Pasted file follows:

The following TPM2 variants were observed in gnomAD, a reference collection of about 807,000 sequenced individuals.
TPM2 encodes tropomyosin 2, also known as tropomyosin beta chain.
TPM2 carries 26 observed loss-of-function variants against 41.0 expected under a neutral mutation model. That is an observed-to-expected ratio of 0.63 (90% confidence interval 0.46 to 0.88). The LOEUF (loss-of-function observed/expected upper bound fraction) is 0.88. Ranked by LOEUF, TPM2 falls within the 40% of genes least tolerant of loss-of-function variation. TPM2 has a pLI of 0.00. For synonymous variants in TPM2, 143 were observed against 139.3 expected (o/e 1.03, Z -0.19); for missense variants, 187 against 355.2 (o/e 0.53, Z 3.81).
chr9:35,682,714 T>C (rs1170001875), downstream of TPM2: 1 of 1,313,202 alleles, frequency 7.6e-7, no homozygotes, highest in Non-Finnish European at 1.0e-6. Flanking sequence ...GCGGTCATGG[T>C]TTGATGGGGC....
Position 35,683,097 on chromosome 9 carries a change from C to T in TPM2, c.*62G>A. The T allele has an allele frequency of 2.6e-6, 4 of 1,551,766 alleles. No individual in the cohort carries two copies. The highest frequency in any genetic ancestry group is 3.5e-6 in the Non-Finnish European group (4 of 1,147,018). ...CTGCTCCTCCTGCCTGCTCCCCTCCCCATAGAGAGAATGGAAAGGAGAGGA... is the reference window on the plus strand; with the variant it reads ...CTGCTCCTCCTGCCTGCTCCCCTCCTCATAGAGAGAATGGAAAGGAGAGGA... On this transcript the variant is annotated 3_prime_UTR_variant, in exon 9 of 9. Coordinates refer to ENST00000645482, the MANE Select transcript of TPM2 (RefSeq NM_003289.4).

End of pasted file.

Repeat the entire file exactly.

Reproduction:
The following TPM2 variants were observed in gnomAD, a reference collection of about 807,000 sequenced individuals.
TPM2 encodes tropomyosin 2, also known as tropomyosin beta chain.
TPM2 carries 26 observed loss-of-function variants against 41.0 expected under a neutral mutation model. That is an observed-to-expected ratio of 0.63 (90% confidence interval 0.46 to 0.88). The LOEUF (loss-of-function observed/expected upper bound fraction) is 0.88. Ranked by LOEUF, TPM2 falls within the 40% of genes least tolerant of loss-of-function variation. TPM2 has a pLI of 0.00. For synonymous variants in TPM2, 143 were observed against 139.3 expected (o/e 1.03, Z -0.19); for missense variants, 187 against 355.2 (o/e 0.53, Z 3.81).
chr9:35,682,714 T>C (rs1170001875), downstream of TPM2: 1 of 1,313,202 alleles, frequency 7.6e-7, no homozygotes, highest in Non-Finnish European at 1.0e-6. Flanking sequence ...GCGGTCATGG[T>C]TTGATGGGGC....
Position 35,683,097 on chromosome 9 carries a change from C to T in TPM2, c.*62G>A. The T allele has an allele frequency of 2.6e-6, 4 of 1,551,766 alleles. No individual in the cohort carries two copies. The highest frequency in any genetic ancestry group is 3.5e-6 in the Non-Finnish European group (4 of 1,147,018). ...CTGCTCCTCCTGCCTGCTCCCCTCCCCATAGAGAGAATGGAAAGGAGAGGA... is the reference window on the plus strand; with the variant it reads ...CTGCTCCTCCTGCCTGCTCCCCTCCTCATAGAGAGAATGGAAAGGAGAGGA... On this transcript the variant is annotated 3_prime_UTR_variant, in exon 9 of 9. Coordinates refer to ENST00000645482, the MANE Select transcript of TPM2 (RefSeq NM_003289.4).